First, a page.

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SEOUL – As the international community closely watches North Korea for signs of an expected missile test, U.S. Secretary of State John Kerry on Friday called for “responsible leadership” from Kim Jong Un, saying denuclearization is the only acceptable option for the rogue nation.

Kerry, who met with South Korean leaders in Seoul on Friday, said the U.S. is willing to enter into dialogue with North Korea, moves towards taking its nuclear capabilities off the table.

“We are all united in the fact that North Korea will not be accepted as a nuclear power,” Kerry said at a press conference following a day of meetings with South Korean officials, including new president Park Geun-hye. “The rhetoric that we are hearing from North Korea is simply unacceptable by any standard.”

His first visit to Seoul as secretary of state comes after weeks of increasingly belligerent threats from the North, which many believe will conduct missile launches or some other form of provocation in the near future. With tensions on both sides of the highly-militarized border between the two Koreas mounting, he also vowed that the U.S. would defend itself and its allies against any North Korean attack.

If Pyongyang follows through on its threat to test-fire a medium-range Musudan missile, “it would really be one more unnecessary, unfortunate, unwanted contribution to an already volatile, potentially dangerous situation,” he said. “Kim Jong Un needs to understand, which I think he probably does, what the outcome of a conflict would probably be.”

“If Kim Jong Un decides to launch a missile, whether it’s across the Sea of Japan or some other direction, he will be choosing willfully to ignore the entire international community,” Kerry told reporters. “And it will be a provocation and unwanted act that will raise people’s temperatures.”

A missile launch would be a huge mistake, Kerry said. “It will further isolate his country and further isolate his people who are desperate for food and not missile launches.”

Kerry rebuffed the finding of a new U.S. intelligence report that claims North Korea is now capable of arming missiles with nuclear warheads, a measure that would indicate significant development in its nuclear program and put it closer towards being able to strike Pacific targets, or even mainland U.S. The existence of the report, which deemed the reliability of those weapons as low, was revealed on Thursday by a U.S. Rep. Doug Lamborn, R-Colo., during a hearing of the House Armed Services Committee.

“It is inaccurate to suggest that the DPRK (North Korea) has fully tested, developed or demonstrated” the abilities described in the report, Kerry said.

Following the revelation, U.S. officials reacted quickly to clarify the report’s contents.

“The statement read by the member (Lamborn) is not an intelligence community assessment,” said James Clapper, the director of national intelligence.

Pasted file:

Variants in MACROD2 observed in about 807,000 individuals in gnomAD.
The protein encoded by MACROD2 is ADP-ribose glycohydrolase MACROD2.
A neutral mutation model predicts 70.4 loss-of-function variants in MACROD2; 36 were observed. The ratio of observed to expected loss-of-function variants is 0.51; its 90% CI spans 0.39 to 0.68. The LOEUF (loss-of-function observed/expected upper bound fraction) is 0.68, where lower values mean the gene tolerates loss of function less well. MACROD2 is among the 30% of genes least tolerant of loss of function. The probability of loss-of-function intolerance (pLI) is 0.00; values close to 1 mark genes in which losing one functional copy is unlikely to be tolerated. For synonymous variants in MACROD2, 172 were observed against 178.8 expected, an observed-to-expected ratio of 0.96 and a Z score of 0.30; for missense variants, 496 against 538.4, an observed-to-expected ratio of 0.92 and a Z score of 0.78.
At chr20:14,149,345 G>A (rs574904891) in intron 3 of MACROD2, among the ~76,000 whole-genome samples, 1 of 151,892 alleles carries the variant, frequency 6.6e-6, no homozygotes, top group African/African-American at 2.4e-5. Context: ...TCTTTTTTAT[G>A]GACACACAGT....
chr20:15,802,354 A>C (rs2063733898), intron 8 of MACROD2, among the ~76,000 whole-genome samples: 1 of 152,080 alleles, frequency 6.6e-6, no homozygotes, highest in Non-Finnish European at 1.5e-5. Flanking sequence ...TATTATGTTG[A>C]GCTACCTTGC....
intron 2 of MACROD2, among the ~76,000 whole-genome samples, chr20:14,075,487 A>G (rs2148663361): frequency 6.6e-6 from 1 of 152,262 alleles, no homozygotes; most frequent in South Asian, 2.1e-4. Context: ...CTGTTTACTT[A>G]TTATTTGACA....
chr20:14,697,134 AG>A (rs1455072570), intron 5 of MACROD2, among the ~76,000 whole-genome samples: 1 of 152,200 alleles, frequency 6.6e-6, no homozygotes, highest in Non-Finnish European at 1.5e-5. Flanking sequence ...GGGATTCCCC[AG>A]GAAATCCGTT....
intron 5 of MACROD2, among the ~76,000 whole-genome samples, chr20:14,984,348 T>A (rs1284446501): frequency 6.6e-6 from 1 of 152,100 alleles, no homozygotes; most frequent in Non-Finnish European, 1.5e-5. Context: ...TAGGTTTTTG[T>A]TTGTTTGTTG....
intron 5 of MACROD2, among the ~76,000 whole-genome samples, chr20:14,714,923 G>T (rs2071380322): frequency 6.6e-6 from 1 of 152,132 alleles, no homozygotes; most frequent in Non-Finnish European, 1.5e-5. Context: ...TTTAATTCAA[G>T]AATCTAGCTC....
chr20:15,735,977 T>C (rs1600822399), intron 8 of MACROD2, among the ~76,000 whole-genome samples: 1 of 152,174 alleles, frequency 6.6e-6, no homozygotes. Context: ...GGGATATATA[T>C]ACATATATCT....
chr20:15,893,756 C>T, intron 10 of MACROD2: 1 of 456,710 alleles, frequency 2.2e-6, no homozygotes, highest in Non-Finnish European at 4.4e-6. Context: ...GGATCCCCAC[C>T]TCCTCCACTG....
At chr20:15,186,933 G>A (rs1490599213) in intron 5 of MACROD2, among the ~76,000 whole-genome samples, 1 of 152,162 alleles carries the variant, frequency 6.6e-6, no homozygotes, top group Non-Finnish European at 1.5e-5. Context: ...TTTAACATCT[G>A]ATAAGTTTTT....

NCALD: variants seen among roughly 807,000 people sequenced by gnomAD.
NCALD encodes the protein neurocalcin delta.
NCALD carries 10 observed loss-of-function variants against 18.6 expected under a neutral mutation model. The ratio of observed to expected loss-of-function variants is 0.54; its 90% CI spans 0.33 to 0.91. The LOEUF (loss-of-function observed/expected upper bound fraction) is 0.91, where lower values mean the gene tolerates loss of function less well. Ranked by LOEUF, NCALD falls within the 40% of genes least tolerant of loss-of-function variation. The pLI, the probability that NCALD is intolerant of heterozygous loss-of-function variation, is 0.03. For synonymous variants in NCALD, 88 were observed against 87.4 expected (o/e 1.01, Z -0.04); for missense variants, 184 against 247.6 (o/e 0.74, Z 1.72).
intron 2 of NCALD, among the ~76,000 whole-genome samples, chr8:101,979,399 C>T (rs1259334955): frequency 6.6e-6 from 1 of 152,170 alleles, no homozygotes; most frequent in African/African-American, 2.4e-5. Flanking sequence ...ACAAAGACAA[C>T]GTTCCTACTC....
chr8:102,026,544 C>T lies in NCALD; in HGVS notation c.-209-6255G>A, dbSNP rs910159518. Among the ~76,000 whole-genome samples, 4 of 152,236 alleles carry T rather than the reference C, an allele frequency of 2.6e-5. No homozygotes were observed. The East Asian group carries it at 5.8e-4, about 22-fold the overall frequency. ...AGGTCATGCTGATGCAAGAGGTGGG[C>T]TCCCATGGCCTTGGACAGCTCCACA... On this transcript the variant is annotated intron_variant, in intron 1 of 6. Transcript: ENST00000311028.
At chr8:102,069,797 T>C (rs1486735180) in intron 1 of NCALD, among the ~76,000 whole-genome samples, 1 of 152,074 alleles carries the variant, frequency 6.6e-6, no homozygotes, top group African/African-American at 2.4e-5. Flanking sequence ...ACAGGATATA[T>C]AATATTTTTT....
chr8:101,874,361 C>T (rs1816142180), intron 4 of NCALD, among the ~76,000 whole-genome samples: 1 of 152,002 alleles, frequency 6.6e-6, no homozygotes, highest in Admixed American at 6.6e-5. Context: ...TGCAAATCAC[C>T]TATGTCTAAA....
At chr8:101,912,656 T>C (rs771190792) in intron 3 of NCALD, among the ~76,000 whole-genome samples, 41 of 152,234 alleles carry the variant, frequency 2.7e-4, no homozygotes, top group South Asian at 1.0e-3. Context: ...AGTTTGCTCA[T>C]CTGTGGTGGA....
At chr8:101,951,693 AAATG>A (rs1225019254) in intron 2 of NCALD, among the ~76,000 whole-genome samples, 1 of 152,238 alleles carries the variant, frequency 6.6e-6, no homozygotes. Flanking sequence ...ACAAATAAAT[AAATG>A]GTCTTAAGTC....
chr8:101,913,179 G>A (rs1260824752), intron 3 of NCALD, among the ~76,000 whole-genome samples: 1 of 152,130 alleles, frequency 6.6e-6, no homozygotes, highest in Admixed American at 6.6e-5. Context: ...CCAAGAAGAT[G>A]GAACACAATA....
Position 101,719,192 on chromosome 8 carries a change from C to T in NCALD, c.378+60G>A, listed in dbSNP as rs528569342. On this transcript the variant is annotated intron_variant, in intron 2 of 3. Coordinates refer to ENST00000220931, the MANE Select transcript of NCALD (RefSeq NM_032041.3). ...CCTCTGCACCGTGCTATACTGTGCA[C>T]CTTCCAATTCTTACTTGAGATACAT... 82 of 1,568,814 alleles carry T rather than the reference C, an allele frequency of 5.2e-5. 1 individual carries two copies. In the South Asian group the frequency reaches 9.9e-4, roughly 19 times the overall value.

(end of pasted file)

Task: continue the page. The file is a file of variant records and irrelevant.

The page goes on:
“Moreover, North Korea has not yet demonstrated the full range of capabilities necessary for a nuclear armed missile,” Clapper was quoted as saying by the Associated Press.

Also on Thursday, DOD Press Secretary George Little issued a statement.

“While I cannot speak to all the details of a report that is classified in its entirety, it would be inaccurate to suggest that the North Korean regime has fully tested, developed, or demonstrated the kinds of nuclear capabilities referenced” by Lamborn, the statement said. “The United States continues to closely monitor the North Korean nuclear program and calls upon North Korea to honor its international obligations.”

During his visit, Kerry met with his South Korean counterpart, Foreign Minister Yun Byung-se, and new South Korean President Park Geun-hye. He praised Park’s vision of achieving a peaceful, reunited peninsula beginning with trust-building measures between the North and South.

The secretary’s mention of possible talks with the North came one day after South Korea’s Unification Minister Ryoo Kilh-jae offered to hold talks with Pyongyang about the fate of the Kaesong Industrial Complex, a jointly-run factory compound north of the Demilitarized Zone that was the last remaining symbol of inter-Korean cooperation. North Korea announced last week that it was barring South Korean workers from entering the complex, and days later withdrew its 53,000 workers from Kaesong.

“We hope the North Korean authorities come out to the dialogue table so that discussions can actually be held to address issues North Korea wishes to raise,” a statement issued Thursday by the Unification Ministry said.

But Pyongyang must be serious about denuclearization if talks are to occur, Kerry said.

“It’s up to Kim Jong Un what he decides to do,” Kerry said. “No one is going to talk for the sake of talking and no one is going to continue playing this round-robin game which is repeated every few years.”

Kerry will travel next to China, where he said he hopes to “lay out a path with China that will diffuse this tension.”

“I think it’s clear to everybody in the world that no country in the world has as close a relationship, or as significant an impact, on the DPRK (North Korea) than China,” he said. “China has an enormous ability to help make a difference here.”

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